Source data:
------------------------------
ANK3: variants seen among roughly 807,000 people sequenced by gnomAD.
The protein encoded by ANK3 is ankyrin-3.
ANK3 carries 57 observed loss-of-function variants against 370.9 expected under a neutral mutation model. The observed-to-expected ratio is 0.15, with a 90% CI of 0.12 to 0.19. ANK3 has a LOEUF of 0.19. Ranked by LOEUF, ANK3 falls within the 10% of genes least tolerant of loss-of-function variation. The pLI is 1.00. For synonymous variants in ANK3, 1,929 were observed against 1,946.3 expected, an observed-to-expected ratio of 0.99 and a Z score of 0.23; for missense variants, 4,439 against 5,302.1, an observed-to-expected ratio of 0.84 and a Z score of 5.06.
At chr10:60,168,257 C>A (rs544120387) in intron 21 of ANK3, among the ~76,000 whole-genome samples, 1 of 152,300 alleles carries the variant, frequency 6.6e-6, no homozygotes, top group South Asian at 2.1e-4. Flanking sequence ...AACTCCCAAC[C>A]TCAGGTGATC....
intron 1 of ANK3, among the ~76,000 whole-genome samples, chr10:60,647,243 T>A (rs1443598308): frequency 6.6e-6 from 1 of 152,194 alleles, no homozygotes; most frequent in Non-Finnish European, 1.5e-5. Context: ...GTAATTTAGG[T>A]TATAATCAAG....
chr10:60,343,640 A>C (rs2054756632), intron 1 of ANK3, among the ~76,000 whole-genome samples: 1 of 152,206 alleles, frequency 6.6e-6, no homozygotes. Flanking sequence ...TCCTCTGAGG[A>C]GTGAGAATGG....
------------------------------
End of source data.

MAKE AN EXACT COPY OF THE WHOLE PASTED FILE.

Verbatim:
ANK3: variants seen among roughly 807,000 people sequenced by gnomAD.
The protein encoded by ANK3 is ankyrin-3.
ANK3 carries 57 observed loss-of-function variants against 370.9 expected under a neutral mutation model. The observed-to-expected ratio is 0.15, with a 90% CI of 0.12 to 0.19. ANK3 has a LOEUF of 0.19. Ranked by LOEUF, ANK3 falls within the 10% of genes least tolerant of loss-of-function variation. The pLI is 1.00. For synonymous variants in ANK3, 1,929 were observed against 1,946.3 expected, an observed-to-expected ratio of 0.99 and a Z score of 0.23; for missense variants, 4,439 against 5,302.1, an observed-to-expected ratio of 0.84 and a Z score of 5.06.
At chr10:60,168,257 C>A (rs544120387) in intron 21 of ANK3, among the ~76,000 whole-genome samples, 1 of 152,300 alleles carries the variant, frequency 6.6e-6, no homozygotes, top group South Asian at 2.1e-4. Flanking sequence ...AACTCCCAAC[C>A]TCAGGTGATC....
intron 1 of ANK3, among the ~76,000 whole-genome samples, chr10:60,647,243 T>A (rs1443598308): frequency 6.6e-6 from 1 of 152,194 alleles, no homozygotes; most frequent in Non-Finnish European, 1.5e-5. Context: ...GTAATTTAGG[T>A]TATAATCAAG....
chr10:60,343,640 A>C (rs2054756632), intron 1 of ANK3, among the ~76,000 whole-genome samples: 1 of 152,206 alleles, frequency 6.6e-6, no homozygotes. Flanking sequence ...TCCTCTGAGG[A>C]GTGAGAATGG....